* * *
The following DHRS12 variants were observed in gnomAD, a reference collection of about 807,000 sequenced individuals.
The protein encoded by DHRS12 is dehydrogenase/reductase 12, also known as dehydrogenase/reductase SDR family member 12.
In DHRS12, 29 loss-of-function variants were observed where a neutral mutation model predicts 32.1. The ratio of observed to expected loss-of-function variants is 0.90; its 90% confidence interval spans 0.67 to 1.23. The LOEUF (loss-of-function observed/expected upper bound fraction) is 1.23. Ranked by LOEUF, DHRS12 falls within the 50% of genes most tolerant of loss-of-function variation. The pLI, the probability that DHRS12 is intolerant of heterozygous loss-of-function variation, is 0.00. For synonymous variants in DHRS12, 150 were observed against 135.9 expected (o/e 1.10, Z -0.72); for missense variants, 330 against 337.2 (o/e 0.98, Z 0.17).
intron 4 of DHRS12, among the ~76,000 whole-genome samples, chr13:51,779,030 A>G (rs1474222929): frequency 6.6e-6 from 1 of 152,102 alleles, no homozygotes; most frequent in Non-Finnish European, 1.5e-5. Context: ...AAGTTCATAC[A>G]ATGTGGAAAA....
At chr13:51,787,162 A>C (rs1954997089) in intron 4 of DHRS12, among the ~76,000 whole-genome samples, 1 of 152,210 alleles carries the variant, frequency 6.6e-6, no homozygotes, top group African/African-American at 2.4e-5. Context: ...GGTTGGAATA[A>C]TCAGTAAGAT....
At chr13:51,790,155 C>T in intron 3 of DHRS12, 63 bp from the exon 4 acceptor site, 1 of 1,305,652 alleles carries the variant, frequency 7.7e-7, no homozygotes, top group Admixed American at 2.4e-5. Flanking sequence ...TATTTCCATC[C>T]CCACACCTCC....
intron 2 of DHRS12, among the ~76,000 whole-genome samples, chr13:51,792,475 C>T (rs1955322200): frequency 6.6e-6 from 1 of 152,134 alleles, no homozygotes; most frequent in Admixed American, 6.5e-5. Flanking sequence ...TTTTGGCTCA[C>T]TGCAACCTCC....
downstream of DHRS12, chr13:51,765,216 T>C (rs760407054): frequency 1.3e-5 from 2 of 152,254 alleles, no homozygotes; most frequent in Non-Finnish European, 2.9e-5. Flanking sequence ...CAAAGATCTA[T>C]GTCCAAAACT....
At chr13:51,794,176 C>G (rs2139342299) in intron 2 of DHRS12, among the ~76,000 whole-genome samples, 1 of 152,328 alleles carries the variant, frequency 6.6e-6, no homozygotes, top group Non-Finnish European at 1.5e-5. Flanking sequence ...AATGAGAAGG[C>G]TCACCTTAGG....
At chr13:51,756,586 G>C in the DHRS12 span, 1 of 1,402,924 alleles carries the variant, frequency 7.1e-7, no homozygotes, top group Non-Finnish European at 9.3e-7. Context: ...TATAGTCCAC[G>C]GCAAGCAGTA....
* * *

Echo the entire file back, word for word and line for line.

The following DHRS12 variants were observed in gnomAD, a reference collection of about 807,000 sequenced individuals.
The protein encoded by DHRS12 is dehydrogenase/reductase 12, also known as dehydrogenase/reductase SDR family member 12.
In DHRS12, 29 loss-of-function variants were observed where a neutral mutation model predicts 32.1. The ratio of observed to expected loss-of-function variants is 0.90; its 90% confidence interval spans 0.67 to 1.23. The LOEUF (loss-of-function observed/expected upper bound fraction) is 1.23. Ranked by LOEUF, DHRS12 falls within the 50% of genes most tolerant of loss-of-function variation. The pLI, the probability that DHRS12 is intolerant of heterozygous loss-of-function variation, is 0.00. For synonymous variants in DHRS12, 150 were observed against 135.9 expected (o/e 1.10, Z -0.72); for missense variants, 330 against 337.2 (o/e 0.98, Z 0.17).
intron 4 of DHRS12, among the ~76,000 whole-genome samples, chr13:51,779,030 A>G (rs1474222929): frequency 6.6e-6 from 1 of 152,102 alleles, no homozygotes; most frequent in Non-Finnish European, 1.5e-5. Context: ...AAGTTCATAC[A>G]ATGTGGAAAA....
At chr13:51,787,162 A>C (rs1954997089) in intron 4 of DHRS12, among the ~76,000 whole-genome samples, 1 of 152,210 alleles carries the variant, frequency 6.6e-6, no homozygotes, top group African/African-American at 2.4e-5. Context: ...GGTTGGAATA[A>C]TCAGTAAGAT....
At chr13:51,790,155 C>T in intron 3 of DHRS12, 63 bp from the exon 4 acceptor site, 1 of 1,305,652 alleles carries the variant, frequency 7.7e-7, no homozygotes, top group Admixed American at 2.4e-5. Flanking sequence ...TATTTCCATC[C>T]CCACACCTCC....
intron 2 of DHRS12, among the ~76,000 whole-genome samples, chr13:51,792,475 C>T (rs1955322200): frequency 6.6e-6 from 1 of 152,134 alleles, no homozygotes; most frequent in Admixed American, 6.5e-5. Flanking sequence ...TTTTGGCTCA[C>T]TGCAACCTCC....
downstream of DHRS12, chr13:51,765,216 T>C (rs760407054): frequency 1.3e-5 from 2 of 152,254 alleles, no homozygotes; most frequent in Non-Finnish European, 2.9e-5. Flanking sequence ...CAAAGATCTA[T>C]GTCCAAAACT....
At chr13:51,794,176 C>G (rs2139342299) in intron 2 of DHRS12, among the ~76,000 whole-genome samples, 1 of 152,328 alleles carries the variant, frequency 6.6e-6, no homozygotes, top group Non-Finnish European at 1.5e-5. Flanking sequence ...AATGAGAAGG[C>G]TCACCTTAGG....
At chr13:51,756,586 G>C in the DHRS12 span, 1 of 1,402,924 alleles carries the variant, frequency 7.1e-7, no homozygotes, top group Non-Finnish European at 9.3e-7. Context: ...TATAGTCCAC[G>C]GCAAGCAGTA....